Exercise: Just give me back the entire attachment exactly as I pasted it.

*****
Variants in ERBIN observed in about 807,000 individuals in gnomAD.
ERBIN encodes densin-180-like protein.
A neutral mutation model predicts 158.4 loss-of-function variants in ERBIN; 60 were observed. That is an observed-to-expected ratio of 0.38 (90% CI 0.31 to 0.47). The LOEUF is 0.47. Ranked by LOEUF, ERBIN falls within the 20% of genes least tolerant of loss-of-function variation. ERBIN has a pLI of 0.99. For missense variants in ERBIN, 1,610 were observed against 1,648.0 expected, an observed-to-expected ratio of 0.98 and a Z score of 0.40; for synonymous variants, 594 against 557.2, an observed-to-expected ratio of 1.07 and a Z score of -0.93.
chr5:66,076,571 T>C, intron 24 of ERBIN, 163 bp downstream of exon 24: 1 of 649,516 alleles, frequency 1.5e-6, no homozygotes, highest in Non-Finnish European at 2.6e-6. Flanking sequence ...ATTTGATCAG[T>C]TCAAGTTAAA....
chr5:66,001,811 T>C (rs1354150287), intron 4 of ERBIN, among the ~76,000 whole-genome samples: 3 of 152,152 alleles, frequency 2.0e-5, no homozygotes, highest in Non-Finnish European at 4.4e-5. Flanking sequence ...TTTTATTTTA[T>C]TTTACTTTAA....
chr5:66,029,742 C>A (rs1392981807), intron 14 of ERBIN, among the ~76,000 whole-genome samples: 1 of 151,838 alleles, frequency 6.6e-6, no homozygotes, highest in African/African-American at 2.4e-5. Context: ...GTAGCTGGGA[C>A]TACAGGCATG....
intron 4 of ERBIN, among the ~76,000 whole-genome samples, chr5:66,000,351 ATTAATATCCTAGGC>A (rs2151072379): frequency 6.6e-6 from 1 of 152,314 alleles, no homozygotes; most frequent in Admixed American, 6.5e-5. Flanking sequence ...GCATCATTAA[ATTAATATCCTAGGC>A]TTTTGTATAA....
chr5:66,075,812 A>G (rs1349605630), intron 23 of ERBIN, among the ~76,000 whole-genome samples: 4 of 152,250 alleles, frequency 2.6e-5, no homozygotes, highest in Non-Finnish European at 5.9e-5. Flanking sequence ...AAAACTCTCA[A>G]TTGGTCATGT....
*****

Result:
Variants in ERBIN observed in about 807,000 individuals in gnomAD.
ERBIN encodes densin-180-like protein.
A neutral mutation model predicts 158.4 loss-of-function variants in ERBIN; 60 were observed. That is an observed-to-expected ratio of 0.38 (90% CI 0.31 to 0.47). The LOEUF is 0.47. Ranked by LOEUF, ERBIN falls within the 20% of genes least tolerant of loss-of-function variation. ERBIN has a pLI of 0.99. For missense variants in ERBIN, 1,610 were observed against 1,648.0 expected, an observed-to-expected ratio of 0.98 and a Z score of 0.40; for synonymous variants, 594 against 557.2, an observed-to-expected ratio of 1.07 and a Z score of -0.93.
chr5:66,076,571 T>C, intron 24 of ERBIN, 163 bp downstream of exon 24: 1 of 649,516 alleles, frequency 1.5e-6, no homozygotes, highest in Non-Finnish European at 2.6e-6. Flanking sequence ...ATTTGATCAG[T>C]TCAAGTTAAA....
chr5:66,001,811 T>C (rs1354150287), intron 4 of ERBIN, among the ~76,000 whole-genome samples: 3 of 152,152 alleles, frequency 2.0e-5, no homozygotes, highest in Non-Finnish European at 4.4e-5. Flanking sequence ...TTTTATTTTA[T>C]TTTACTTTAA....
chr5:66,029,742 C>A (rs1392981807), intron 14 of ERBIN, among the ~76,000 whole-genome samples: 1 of 151,838 alleles, frequency 6.6e-6, no homozygotes, highest in African/African-American at 2.4e-5. Context: ...GTAGCTGGGA[C>A]TACAGGCATG....
intron 4 of ERBIN, among the ~76,000 whole-genome samples, chr5:66,000,351 ATTAATATCCTAGGC>A (rs2151072379): frequency 6.6e-6 from 1 of 152,314 alleles, no homozygotes; most frequent in Admixed American, 6.5e-5. Flanking sequence ...GCATCATTAA[ATTAATATCCTAGGC>A]TTTTGTATAA....
chr5:66,075,812 A>G (rs1349605630), intron 23 of ERBIN, among the ~76,000 whole-genome samples: 4 of 152,250 alleles, frequency 2.6e-5, no homozygotes, highest in Non-Finnish European at 5.9e-5. Flanking sequence ...AAAACTCTCA[A>G]TTGGTCATGT....